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Section 3: Transporting Cargo Safely

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Section 3: Transporting Cargo Safely

This Section Covers

3.1 – Inspecting Cargo

3.2 – Cargo Weight and Balance

3.3 – Securing Cargo

3.4 – Cargo Needing Special Attention


This section tells you about hauling cargo safely. You must understand basic cargo safety rules to get a CDL.

If you load cargo wrong or do not secure it properly, it can be a danger to others and yourself. Loose cargo that falls off a vehicle can cause traffic problems and others could be hurt or killed. Loose cargo could hurt or kill you during a quick stop or accident. Your vehicle could be damaged by an overload. Steering could be affected by how a vehicle is loaded, making it more difficult to control the vehicle. Whether or not you load and secure the cargo yourself, you are responsible for:

  • Inspecting your cargo.
  • Recognizing overloads and poorly balanced weight.
  • Knowing your cargo is properly secured and does not obscure your view ahead or to the sides.
  • Knowing your cargo does not restrict your access to emergency equipment.

If you intend to carry hazardous material that requires placards on your vehicle, you will also need to have a HazMat endorsement. Section 9 of this handbook has the information you need to pass the hazardous materials test.

3.1 – Inspecting Cargo

As part of your vehicle inspection, make sure the truck is not overloaded and the cargo is balanced and secured properly.

After Starting. Inspect the cargo and its securing devices again within the first 50 miles after beginning a trip. Make any adjustments needed.

Re-Check. Re-check the cargo and securing devices as often as necessary during a trip to keep the load secure. You need to inspect again:

  • After you have driven for 3 hours or 150 miles.
  • After every break you take during your trip.

Federal, state, and local regulations for commercial vehicle weight, securing cargo, covering loads, and where you can drive large vehicles vary from place to place. Know the rules where you will be driving.

3.2 – Cargo Weight and Balance

You are responsible for not being overloaded. The following are some definitions of weight you should know.

3.2.1 – Definitions You Should Know

Gross Vehicle Weight (GVW). The total weight of a single vehicle including its load.

Gross Combination Weight (GCW). The total weight of a combination of vehicles including the load.

Gross Vehicle Weight Rating (GVWR). The value specified by the manufacturer as the loaded weight of a single vehicle.

Gross Combination Weight Rating (GCWR). The value specified by the manufacturer as the loaded weight of a combination (articulated) vehicle. In the absence of a value specified by the manufacturer, GCWR will be determined by adding the GVWR of the power unit, the total weight of the towed unit, and any load thereon.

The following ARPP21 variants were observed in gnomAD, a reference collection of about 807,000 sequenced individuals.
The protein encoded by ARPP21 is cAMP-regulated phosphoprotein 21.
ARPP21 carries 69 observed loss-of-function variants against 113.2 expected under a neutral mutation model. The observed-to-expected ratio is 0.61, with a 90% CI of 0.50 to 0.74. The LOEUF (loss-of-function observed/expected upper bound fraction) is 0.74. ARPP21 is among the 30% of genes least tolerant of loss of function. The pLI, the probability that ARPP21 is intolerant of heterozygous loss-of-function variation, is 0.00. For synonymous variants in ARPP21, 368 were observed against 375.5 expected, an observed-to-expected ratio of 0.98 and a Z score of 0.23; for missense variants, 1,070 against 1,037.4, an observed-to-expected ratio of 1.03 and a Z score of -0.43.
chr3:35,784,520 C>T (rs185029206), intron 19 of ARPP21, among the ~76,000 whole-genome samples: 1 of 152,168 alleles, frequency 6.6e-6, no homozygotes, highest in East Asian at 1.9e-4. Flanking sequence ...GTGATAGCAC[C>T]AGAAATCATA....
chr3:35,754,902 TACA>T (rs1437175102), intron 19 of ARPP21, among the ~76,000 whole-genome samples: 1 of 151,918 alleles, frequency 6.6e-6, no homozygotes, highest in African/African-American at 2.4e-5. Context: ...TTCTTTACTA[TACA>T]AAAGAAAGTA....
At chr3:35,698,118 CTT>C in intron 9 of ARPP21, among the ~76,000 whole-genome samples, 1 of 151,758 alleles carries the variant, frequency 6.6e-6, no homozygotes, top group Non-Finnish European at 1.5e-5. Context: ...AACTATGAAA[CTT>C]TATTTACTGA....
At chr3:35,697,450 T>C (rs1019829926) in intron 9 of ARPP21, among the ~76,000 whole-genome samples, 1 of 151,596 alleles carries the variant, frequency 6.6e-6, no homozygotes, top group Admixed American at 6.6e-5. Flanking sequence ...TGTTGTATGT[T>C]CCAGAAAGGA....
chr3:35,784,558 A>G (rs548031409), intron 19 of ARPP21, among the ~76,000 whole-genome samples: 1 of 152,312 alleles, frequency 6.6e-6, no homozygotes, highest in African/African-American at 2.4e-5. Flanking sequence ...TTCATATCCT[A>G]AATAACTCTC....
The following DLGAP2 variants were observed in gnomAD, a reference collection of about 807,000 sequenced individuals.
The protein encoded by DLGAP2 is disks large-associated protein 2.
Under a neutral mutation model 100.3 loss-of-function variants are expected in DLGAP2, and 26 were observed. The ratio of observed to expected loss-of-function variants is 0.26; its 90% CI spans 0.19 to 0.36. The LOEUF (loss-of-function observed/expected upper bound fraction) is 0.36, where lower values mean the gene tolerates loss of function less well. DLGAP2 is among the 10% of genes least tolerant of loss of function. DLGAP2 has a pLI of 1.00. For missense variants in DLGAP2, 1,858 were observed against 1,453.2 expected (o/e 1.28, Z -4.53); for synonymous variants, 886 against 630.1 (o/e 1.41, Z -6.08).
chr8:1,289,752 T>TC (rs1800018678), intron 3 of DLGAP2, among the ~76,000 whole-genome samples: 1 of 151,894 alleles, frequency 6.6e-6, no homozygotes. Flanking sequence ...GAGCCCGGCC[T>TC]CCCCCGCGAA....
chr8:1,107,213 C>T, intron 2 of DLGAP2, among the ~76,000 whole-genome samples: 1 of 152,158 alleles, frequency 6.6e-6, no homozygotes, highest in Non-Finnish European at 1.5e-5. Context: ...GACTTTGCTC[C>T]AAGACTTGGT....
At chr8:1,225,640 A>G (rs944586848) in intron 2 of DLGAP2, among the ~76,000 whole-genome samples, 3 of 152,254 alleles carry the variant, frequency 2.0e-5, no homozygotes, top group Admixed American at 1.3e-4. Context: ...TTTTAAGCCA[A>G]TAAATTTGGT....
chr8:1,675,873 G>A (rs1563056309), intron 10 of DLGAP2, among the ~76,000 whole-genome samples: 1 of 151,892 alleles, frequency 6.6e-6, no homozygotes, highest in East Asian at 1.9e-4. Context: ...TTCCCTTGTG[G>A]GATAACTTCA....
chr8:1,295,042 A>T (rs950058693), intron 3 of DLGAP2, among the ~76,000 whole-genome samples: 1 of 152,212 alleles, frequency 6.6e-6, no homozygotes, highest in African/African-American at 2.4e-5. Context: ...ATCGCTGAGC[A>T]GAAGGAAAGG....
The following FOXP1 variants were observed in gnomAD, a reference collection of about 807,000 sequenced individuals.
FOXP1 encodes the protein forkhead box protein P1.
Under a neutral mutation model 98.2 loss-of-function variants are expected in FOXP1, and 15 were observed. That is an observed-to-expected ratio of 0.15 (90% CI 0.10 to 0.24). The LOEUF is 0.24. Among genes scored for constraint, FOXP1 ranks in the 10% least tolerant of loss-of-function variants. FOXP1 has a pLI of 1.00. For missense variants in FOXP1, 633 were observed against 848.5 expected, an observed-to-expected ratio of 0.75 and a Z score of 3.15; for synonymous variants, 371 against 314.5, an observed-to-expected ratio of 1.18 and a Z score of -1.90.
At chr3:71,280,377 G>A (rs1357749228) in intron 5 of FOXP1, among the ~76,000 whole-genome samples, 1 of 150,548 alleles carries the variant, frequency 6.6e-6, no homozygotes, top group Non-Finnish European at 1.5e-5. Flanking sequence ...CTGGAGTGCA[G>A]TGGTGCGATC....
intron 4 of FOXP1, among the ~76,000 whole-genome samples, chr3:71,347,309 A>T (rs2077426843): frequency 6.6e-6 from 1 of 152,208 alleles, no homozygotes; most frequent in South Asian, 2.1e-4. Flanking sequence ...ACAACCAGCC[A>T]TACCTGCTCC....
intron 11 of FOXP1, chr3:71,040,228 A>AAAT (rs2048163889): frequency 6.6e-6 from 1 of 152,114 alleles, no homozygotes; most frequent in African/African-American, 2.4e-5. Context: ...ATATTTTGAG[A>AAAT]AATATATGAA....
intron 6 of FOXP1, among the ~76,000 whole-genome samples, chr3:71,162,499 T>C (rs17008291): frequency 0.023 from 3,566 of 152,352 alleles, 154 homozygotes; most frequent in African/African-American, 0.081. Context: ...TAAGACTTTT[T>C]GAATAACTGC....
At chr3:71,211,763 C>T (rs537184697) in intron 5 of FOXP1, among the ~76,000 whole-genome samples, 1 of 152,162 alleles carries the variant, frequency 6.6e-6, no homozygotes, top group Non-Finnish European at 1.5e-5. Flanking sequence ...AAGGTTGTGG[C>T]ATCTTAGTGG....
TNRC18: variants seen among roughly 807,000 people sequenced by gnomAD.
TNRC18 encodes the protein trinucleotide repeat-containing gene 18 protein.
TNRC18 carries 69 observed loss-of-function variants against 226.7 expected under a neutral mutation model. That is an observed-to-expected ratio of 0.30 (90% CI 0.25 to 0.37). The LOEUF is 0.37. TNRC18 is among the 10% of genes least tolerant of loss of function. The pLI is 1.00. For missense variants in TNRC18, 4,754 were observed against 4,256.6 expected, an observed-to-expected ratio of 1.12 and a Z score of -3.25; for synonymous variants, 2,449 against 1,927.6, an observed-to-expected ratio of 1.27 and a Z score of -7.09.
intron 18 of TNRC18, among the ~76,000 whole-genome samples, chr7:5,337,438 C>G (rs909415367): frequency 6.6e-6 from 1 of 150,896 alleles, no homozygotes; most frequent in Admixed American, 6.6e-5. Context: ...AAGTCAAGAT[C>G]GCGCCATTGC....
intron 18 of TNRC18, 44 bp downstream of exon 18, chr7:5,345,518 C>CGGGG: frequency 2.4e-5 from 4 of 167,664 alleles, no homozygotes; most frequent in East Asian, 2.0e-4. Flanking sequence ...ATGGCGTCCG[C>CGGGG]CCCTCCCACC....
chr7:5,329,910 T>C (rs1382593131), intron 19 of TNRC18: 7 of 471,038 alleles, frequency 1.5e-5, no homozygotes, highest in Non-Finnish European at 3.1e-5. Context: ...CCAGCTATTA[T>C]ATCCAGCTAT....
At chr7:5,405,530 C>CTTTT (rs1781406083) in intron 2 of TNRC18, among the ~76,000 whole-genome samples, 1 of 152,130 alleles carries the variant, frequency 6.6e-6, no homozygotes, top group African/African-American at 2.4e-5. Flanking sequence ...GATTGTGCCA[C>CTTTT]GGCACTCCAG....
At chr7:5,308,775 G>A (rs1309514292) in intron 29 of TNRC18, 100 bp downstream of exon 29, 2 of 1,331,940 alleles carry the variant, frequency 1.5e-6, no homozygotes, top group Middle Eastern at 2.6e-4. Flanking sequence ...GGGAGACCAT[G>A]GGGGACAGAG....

Axle Weight. The weight transmitted to the ground by 1 axle or one set of axles.

Tire Load. The maximum safe weight a tire can carry at a specified pressure. This rating is stated on the side of each tire.

Suspension Systems. Suspension systems have a manufacturer’s weight capacity rating.

Coupling Device Capacity. Coupling devices are rated for the maximum weight they can pull and/or carry.

3.2.2 – Legal Weight Limits

You must keep weights within legal limits. States have maximums for GVWRs, GCWRs, and axle weights. Often, maximum axle weights are set by a bridge formula. A bridge formula permits less maximum axle weight for axles that are closer together. This is to prevent overloading bridges and roadways.

Overloading can have bad effects on steering, braking, and speed control. Overloaded trucks have to go very slowly on upgrades. Worse, they may gain too much speed on downgrades. Stopping distance increases. Brakes can fail when forced to work too hard.

During bad weather or in mountains, it may not be safe to operate at legal maximum weights. Take this into account before driving.

3.2.3 – Do Not be Top-Heavy

The height of the vehicle’s center of gravity is very important for safe handling. A high center of gravity (cargo piled up high or heavy cargo on top) means you are more likely to tip over. It is most dangerous in curves, or if you have to swerve to avoid a hazard. It is very important to distribute the cargo so it is as low as possible. Put the heaviest parts of the cargo under the lightest parts.

3.2.4 – Balance the Weight

Poor weight balance can make vehicle handling unsafe. Too much weight on the steering axle can cause hard steering. It can damage the steering axle and tires. Under-loaded front axles (caused by shifting weight too far to the rear) can make the steering axle weight too light to steer safely. Too little weight on the driving axles can cause poor traction. The drive wheels may spin easily. During bad weather, the truck may not be able to keep going. Weight that is loaded so there is a high center of gravity causes a greater chance of rollover. On flatbed vehicles, there is also a greater chance that the load will shift to the side or fall off. See Figure 3.1.

3.3 – Securing Cargo

3.3.1 – Blocking and Bracing

Blocking is used in the front, back, and/or sides of a piece of cargo to keep it from sliding. Blocking is shaped to fit snugly against cargo. It is secured to the cargo deck to prevent cargo movement. Bracing is also used to prevent movement of cargo. Bracing goes from the upper part of the cargo to the floor and/or walls of the cargo compartment.

Image of Wrong and Right Cargo Loading

Figure 3.1

 

3.3.2 – Cargo Tie-down

On flatbed trailers or trailers without sides, cargo must be secured to keep it from shifting or falling off. In closed vans, tiedowns can also be important to prevent cargo shifting that may affect the handling of the vehicle. Tiedowns must be of the proper type and proper strength. Federal regulations require the aggregate working load limit of any securement system used to secure an article or group of articles against movement must be at least one-half times the weight of the article or group of articles. Proper tie-down equipment must be used, including ropes, straps, chains, and tensioning devices (winches, ratchets, clinching components). Tiedowns must be attached to the vehicle correctly (hooks, bolts, rails, rings). See Figure 3.2.

Image of Proper Cargo Tiedown

Figure 3.2

Cargo should have at least one tie-down for each 10 feet of cargo. Make sure you have enough tie-downs to meet this need. No matter how small the cargo, it should have at least 2 tie-downs.

There are special requirements for securing various heavy pieces of metal. Find out what they are if you are to carry such loads.